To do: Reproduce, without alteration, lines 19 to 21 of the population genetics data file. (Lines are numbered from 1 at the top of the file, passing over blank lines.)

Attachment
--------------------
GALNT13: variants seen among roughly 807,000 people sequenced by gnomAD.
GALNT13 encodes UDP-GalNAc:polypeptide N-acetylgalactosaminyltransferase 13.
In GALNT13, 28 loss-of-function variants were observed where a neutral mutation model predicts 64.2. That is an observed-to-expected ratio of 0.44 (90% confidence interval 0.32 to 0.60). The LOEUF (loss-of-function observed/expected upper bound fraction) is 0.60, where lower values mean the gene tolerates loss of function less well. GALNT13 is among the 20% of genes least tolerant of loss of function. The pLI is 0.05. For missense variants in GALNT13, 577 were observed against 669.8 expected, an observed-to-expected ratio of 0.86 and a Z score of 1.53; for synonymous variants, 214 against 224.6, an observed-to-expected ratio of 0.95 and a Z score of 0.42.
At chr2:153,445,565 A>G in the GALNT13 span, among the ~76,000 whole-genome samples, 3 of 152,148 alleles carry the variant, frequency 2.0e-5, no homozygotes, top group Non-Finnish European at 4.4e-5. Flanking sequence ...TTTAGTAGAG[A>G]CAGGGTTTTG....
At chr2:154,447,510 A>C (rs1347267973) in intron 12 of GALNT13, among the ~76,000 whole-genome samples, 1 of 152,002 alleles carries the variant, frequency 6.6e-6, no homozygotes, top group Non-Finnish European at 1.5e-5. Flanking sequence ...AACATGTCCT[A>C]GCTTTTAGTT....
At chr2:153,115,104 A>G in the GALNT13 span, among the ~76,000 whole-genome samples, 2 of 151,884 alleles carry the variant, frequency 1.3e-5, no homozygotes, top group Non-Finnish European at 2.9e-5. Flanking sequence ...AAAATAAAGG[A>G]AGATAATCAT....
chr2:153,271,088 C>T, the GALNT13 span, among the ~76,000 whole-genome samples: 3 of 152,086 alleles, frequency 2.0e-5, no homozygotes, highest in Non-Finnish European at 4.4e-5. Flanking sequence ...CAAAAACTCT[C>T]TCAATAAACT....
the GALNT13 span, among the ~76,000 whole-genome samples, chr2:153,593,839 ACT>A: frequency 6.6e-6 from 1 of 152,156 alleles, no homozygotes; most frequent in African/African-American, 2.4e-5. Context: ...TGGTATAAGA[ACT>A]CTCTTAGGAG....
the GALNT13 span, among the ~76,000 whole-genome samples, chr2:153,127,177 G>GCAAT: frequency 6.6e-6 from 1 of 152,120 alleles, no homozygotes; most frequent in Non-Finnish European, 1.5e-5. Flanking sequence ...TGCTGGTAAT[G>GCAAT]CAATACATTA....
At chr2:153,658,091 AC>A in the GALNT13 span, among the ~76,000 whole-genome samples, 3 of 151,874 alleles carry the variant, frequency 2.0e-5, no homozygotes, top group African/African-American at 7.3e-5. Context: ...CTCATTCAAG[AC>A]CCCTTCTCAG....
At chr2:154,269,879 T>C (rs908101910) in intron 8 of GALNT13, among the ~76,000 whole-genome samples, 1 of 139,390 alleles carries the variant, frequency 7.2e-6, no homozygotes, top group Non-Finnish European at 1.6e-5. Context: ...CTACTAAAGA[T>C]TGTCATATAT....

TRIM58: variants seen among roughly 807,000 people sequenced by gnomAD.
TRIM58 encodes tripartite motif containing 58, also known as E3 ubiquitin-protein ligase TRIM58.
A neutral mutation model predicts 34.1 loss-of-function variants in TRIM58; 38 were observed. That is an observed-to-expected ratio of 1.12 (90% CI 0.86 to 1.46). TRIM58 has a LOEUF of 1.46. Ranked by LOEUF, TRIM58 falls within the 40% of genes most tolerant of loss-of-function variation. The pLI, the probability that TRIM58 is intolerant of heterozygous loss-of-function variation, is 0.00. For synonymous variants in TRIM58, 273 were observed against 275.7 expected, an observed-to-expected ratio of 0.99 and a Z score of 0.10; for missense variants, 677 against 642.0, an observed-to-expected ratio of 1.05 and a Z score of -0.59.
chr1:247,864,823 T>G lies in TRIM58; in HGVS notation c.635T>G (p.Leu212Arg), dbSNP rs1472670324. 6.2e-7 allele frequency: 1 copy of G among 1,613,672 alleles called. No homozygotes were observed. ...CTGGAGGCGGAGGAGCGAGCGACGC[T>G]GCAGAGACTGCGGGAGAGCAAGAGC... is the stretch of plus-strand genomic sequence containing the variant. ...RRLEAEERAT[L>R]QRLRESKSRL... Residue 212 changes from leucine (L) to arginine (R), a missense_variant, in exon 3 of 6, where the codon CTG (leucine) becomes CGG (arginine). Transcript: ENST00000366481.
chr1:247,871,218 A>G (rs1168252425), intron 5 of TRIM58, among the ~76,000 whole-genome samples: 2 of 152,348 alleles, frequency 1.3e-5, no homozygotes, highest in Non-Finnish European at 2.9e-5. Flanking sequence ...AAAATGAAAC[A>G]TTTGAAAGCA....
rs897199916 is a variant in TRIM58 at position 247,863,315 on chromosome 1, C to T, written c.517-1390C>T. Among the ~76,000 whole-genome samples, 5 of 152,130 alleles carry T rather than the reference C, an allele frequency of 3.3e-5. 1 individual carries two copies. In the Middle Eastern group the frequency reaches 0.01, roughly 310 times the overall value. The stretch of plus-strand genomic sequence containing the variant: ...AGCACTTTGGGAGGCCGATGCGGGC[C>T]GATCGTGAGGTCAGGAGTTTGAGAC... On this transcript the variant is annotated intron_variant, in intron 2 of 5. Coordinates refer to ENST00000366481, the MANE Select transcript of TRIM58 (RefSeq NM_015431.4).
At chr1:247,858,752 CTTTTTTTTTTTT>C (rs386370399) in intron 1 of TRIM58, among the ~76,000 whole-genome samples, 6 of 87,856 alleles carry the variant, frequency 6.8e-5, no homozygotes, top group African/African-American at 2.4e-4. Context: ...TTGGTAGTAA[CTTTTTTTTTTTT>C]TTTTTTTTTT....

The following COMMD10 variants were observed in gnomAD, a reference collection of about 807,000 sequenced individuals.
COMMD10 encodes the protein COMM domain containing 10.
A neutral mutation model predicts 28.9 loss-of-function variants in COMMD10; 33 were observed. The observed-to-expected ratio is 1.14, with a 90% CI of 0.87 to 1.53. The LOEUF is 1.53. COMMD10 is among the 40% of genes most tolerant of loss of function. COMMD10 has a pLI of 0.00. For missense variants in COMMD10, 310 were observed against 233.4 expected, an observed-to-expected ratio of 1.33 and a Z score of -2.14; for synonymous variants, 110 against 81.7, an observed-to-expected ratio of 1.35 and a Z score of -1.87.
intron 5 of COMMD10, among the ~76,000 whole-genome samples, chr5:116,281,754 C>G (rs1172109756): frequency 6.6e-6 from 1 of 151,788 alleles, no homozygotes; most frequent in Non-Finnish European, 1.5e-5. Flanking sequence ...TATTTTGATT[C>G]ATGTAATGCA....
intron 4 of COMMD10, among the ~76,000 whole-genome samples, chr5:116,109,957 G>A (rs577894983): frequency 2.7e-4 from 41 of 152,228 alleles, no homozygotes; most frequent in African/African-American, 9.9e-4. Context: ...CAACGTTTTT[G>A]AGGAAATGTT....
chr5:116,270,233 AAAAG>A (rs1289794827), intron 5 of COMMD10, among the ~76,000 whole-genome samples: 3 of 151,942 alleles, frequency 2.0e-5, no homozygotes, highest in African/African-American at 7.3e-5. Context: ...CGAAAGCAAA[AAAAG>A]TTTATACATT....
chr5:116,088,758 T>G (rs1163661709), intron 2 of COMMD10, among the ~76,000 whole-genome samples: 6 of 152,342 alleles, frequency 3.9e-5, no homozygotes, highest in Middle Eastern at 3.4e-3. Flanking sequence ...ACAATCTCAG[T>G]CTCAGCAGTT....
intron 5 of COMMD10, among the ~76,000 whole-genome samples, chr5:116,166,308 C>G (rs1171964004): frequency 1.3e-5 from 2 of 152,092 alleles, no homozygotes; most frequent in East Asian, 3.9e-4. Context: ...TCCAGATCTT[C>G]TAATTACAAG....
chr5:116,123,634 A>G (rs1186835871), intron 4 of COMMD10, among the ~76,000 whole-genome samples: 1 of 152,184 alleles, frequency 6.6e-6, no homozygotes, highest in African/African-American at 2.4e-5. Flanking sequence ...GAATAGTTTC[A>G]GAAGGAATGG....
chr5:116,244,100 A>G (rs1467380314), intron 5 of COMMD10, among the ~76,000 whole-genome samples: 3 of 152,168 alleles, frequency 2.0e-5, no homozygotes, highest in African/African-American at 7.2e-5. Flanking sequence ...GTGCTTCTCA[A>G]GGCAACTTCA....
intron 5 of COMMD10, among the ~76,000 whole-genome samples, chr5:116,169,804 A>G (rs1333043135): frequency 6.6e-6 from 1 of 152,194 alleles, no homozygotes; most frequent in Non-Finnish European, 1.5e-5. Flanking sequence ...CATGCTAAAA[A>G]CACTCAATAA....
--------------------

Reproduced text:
The following COMMD10 variants were observed in gnomAD, a reference collection of about 807,000 sequenced individuals.
COMMD10 encodes the protein COMM domain containing 10.
A neutral mutation model predicts 28.9 loss-of-function variants in COMMD10; 33 were observed. The observed-to-expected ratio is 1.14, with a 90% CI of 0.87 to 1.53. The LOEUF is 1.53. COMMD10 is among the 40% of genes most tolerant of loss of function. COMMD10 has a pLI of 0.00. For missense variants in COMMD10, 310 were observed against 233.4 expected, an observed-to-expected ratio of 1.33 and a Z score of -2.14; for synonymous variants, 110 against 81.7, an observed-to-expected ratio of 1.35 and a Z score of -1.87.